Further information: Heritage Inventory sheets are often not comprehensive, and should be regarded as a general guide only. Inventory sheets are based on information available, and often do not include the social history of sites and buildings. Inventory sheets are constantly updated by the City as further information becomes available. An inventory sheet with little information may simply indicate that there has been no building work done to the item recently: it does not mean that items are not significant. Further research is always recommended as part of preparation of development proposals for heritage items, and is necessary in preparation of Heritage Impact Assessments and Conservation Management Plans, so that the significance of heritage items can be fully assessed prior to submitting development applications.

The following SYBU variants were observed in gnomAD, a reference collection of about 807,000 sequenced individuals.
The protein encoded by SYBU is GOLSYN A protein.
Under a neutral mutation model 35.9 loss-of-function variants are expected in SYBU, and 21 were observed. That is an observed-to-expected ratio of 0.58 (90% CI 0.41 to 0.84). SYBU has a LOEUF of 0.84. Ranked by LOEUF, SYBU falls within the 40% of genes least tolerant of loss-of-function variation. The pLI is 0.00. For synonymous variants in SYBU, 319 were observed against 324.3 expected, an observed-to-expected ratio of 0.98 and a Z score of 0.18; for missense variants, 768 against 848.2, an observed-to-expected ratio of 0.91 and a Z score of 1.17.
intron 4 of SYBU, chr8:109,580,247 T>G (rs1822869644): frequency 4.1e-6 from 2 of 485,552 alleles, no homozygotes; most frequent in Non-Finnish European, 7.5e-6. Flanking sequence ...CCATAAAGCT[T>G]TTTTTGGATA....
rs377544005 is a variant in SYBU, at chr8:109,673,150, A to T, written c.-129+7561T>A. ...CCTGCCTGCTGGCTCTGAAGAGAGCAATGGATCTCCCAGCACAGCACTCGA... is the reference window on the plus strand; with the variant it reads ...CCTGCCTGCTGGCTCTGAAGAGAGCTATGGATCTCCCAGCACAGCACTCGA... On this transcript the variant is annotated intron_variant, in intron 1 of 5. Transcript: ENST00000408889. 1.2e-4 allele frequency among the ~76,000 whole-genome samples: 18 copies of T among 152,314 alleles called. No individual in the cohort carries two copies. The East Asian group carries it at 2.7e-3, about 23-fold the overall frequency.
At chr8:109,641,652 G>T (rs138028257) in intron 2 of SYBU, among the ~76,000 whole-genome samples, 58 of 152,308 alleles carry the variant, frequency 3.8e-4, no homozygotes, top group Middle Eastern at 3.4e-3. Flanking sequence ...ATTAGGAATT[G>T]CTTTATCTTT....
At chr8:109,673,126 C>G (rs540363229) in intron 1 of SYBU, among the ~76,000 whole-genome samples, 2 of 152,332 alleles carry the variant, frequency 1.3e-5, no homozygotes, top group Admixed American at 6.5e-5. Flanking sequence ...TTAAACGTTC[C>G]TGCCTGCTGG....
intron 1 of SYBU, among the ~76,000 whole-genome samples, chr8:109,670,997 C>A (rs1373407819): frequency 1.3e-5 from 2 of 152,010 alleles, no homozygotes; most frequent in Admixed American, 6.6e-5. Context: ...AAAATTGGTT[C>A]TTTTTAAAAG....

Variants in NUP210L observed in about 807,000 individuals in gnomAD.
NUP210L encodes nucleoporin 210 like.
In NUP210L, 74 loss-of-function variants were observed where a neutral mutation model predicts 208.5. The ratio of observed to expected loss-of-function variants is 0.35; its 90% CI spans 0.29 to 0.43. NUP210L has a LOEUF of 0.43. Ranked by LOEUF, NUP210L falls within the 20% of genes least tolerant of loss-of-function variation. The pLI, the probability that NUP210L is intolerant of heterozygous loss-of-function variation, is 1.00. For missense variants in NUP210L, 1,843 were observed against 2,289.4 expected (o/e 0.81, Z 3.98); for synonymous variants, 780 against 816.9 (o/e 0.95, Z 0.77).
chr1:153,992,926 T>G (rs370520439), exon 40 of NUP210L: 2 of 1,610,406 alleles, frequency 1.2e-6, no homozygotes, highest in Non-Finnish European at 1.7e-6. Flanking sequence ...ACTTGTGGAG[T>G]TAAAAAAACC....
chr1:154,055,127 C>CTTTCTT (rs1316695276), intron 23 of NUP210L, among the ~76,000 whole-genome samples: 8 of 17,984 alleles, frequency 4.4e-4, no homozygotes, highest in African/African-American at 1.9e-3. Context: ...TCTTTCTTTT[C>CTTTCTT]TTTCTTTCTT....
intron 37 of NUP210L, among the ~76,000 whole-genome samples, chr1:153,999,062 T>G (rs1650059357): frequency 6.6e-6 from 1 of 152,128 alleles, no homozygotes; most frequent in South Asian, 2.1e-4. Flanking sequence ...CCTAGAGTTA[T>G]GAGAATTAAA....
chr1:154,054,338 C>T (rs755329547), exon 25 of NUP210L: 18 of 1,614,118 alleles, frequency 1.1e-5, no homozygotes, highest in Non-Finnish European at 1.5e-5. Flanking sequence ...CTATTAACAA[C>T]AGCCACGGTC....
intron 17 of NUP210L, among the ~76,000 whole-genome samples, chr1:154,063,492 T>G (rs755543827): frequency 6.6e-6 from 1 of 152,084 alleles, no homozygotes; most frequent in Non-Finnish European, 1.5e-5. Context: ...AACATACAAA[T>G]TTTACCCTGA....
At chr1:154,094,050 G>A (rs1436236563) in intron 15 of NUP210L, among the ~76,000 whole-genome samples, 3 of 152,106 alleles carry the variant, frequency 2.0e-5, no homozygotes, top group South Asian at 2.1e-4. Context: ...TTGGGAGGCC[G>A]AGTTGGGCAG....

Current use: Residential, Civic, Institutional, Commercial
Former use: Residential, Civic, Institutional, Commercial


Historical notes: The "Eora people" was the name given to the coastal Aborigines around Sydney. Central Sydney is therefore often referred to as "Eora Country". Within the City of Sydney local government area, the traditional owners are the Cadigal and Wangal bands of the Eora. There is no written record of the name of the language spoken and currently there are debates as whether the coastal peoples spoke a separate language "Eora" or whether this was actually a dialect of the Dharug language. Remnant bushland in places like Blackwattle Bay retain elements of traditional plant, bird and animal life, including fish and rock oysters.